A Review on Functional Data Analysis for Cox processes

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intensity process characterizes the Cox process and its statistics. If the mean of

the Cox process is absolutely continuous, it is the integral of the intensity and

thus, is also a stochastic process. Indeed, the Cox process can be defined by

its mean process, as in Serfozo (1972), and a number of statistics can also be

characterized by the mean process. In brief, the intensity and the mean are both

stochastic processes which determine the Cox process. Therefore, by inferring

one of these processes, the target process and its statistics will be inferred as

well.

Functional data analysis permits the estimation of a stochastic process and

ensuing forecast by means of principal component prediction models under both

weak and usual conditions from observed sample paths of the process (Valder-

rama et al., 2000). Consequently, no structure or given distribution is assumed,

and thus, this technique is suitable for the development of an alternative infer-

ence method for the Cox process. As stated by Biau et al. (2013), despite the

large body of research on functional data analysis, relatively few attempts have

been made to connect it with stochastic processes. The present paper, then, will

review the application of functional data analysis to the inference of the intensity

and the mean processes without previous assumptions, employing only the raw

data observed from the Cox process. In addition, this review will provide the

estimation and prediction of a number of statistics of the Cox process and will

present a Cox process goodnes-of-fit test.

The following section contains the definitions of the Cox and compound Cox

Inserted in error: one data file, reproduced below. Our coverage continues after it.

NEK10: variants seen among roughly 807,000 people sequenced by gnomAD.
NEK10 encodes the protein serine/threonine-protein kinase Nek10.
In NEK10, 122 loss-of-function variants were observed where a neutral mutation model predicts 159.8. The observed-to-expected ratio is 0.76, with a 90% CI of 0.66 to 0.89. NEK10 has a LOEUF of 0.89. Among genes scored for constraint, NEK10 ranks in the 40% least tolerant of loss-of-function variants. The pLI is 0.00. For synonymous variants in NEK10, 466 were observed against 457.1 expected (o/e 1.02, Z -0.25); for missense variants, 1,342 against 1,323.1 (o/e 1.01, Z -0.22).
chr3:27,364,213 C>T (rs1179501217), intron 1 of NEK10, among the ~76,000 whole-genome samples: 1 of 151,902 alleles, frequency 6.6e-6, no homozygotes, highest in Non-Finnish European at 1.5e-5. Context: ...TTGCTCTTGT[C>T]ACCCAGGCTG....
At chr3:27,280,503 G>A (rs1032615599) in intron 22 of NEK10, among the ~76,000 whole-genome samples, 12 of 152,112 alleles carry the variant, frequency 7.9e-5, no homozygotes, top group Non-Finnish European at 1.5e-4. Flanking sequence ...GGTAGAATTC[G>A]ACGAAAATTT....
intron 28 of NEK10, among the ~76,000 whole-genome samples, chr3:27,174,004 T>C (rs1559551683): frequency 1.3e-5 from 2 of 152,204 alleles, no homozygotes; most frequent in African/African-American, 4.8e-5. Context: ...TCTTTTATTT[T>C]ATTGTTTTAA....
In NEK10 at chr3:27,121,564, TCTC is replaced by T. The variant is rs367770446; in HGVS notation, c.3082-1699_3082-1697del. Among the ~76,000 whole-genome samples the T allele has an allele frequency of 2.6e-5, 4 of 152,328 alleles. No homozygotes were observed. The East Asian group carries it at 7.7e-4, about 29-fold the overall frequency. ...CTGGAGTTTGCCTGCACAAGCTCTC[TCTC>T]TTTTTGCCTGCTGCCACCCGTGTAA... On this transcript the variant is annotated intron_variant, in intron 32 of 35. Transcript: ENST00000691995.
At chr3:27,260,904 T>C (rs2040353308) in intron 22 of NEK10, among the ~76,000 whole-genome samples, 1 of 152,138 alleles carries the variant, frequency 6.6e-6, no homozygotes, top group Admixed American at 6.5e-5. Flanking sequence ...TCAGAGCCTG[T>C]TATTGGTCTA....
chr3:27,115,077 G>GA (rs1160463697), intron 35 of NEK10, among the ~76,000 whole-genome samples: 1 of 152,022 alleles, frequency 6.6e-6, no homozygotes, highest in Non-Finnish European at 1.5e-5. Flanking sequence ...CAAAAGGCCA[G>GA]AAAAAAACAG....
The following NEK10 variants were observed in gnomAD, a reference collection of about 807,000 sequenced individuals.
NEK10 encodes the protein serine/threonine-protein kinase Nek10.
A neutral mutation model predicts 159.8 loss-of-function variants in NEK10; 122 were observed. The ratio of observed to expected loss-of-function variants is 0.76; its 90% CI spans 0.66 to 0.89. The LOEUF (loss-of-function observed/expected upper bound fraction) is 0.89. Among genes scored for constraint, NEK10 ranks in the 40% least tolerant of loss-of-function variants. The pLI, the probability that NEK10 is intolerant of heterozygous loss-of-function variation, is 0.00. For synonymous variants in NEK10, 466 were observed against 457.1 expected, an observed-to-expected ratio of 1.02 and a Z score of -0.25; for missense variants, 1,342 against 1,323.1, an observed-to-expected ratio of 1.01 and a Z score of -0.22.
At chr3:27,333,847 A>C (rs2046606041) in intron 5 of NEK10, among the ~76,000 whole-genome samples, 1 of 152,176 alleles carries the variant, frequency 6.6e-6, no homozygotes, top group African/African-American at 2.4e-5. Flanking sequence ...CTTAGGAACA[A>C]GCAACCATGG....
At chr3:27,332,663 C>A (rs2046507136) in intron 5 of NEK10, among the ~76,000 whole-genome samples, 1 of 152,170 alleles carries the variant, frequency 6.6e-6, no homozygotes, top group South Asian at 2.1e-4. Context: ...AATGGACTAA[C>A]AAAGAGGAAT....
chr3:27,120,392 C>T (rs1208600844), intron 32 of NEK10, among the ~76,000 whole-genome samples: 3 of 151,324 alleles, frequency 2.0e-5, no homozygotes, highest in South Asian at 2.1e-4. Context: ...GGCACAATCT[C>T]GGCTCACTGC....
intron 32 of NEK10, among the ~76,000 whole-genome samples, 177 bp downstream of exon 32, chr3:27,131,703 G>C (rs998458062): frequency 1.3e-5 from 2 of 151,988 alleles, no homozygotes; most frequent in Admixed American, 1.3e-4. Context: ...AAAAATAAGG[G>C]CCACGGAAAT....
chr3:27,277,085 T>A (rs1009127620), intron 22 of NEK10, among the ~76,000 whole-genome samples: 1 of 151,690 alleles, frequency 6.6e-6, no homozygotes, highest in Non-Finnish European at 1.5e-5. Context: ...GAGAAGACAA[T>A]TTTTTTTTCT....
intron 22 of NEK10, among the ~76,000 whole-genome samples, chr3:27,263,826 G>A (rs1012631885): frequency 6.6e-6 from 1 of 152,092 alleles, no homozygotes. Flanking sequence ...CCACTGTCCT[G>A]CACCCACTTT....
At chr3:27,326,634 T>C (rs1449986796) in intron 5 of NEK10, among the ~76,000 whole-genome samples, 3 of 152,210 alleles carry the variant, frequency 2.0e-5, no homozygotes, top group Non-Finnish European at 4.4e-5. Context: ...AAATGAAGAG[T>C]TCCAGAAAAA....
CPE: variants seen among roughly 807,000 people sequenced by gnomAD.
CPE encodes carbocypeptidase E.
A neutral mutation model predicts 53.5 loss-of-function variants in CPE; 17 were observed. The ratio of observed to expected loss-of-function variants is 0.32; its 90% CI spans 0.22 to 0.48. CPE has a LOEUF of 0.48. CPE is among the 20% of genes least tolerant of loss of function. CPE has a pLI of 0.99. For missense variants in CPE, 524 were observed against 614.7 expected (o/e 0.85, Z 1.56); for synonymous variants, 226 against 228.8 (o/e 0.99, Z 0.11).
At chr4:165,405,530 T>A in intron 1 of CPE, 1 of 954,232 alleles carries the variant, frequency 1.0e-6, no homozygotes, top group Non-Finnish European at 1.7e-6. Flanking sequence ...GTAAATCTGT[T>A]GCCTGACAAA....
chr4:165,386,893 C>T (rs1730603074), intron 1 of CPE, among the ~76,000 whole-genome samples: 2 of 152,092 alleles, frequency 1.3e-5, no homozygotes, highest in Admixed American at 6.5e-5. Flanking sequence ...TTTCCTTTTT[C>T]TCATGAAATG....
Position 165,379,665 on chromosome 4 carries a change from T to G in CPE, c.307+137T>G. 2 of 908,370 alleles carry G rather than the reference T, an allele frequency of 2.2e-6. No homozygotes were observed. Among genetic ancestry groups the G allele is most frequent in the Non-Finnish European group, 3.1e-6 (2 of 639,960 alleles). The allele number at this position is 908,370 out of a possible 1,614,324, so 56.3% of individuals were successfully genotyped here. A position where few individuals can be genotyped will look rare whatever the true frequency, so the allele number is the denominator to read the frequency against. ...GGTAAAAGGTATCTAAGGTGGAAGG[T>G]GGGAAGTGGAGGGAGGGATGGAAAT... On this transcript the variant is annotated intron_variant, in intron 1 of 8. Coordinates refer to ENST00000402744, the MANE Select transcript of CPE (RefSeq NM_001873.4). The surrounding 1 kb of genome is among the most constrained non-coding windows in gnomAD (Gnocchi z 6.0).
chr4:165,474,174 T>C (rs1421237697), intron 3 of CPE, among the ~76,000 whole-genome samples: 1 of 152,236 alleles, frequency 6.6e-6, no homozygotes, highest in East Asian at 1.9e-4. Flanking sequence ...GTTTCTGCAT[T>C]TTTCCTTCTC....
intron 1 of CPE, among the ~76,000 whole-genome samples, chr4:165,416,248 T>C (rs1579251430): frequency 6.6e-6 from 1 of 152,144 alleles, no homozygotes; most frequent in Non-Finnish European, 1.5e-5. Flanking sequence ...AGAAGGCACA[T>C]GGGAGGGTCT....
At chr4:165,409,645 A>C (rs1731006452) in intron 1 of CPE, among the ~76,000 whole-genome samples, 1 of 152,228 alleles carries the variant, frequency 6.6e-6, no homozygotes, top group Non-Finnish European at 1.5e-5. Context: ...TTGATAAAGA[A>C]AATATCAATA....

process and the statistics that will be employed in the subsequent sections. The

inference for the mean process is presented in Section 3, where, additionally, the

application of this inference to the compound Cox process is derived. Similarly,

Section 4 presents the inference method for the intensity process and its conse-

quences. As a result of this method, a Cox process goodness-of-fit test can be

developed. The hypothesis test is described and is illustrated with an example.

Finally, the conclusions are drawn in the last section, particularly in relation to

the potential future uses of the Cox process.

2. Cox and compound Cox processes

This section presents the background necessary for the rest of the paper.

Further knowledge about other statistics or extensions of the Cox process (CP)

can be found in the references within the text.

2.1. Cox process

According to the classical approach, a CP

{

N

(

t

);

t

≥

t

0

}

with intensity pro-

cess

{

λ

(

t, x

(

t

));

t

≥

t

0

}

is defined as a conditional Poisson process with inten-

sity process

{

λ

(

t, x

(

t

));

t

≥

t

0

}

given the information process

{

x

(

t

);

t

≥

t

0

}

.

If

the mean, Λ(

t, x

(

t

)), of the CP is absolutely continuous, then Λ(

t, x

(

t

)) =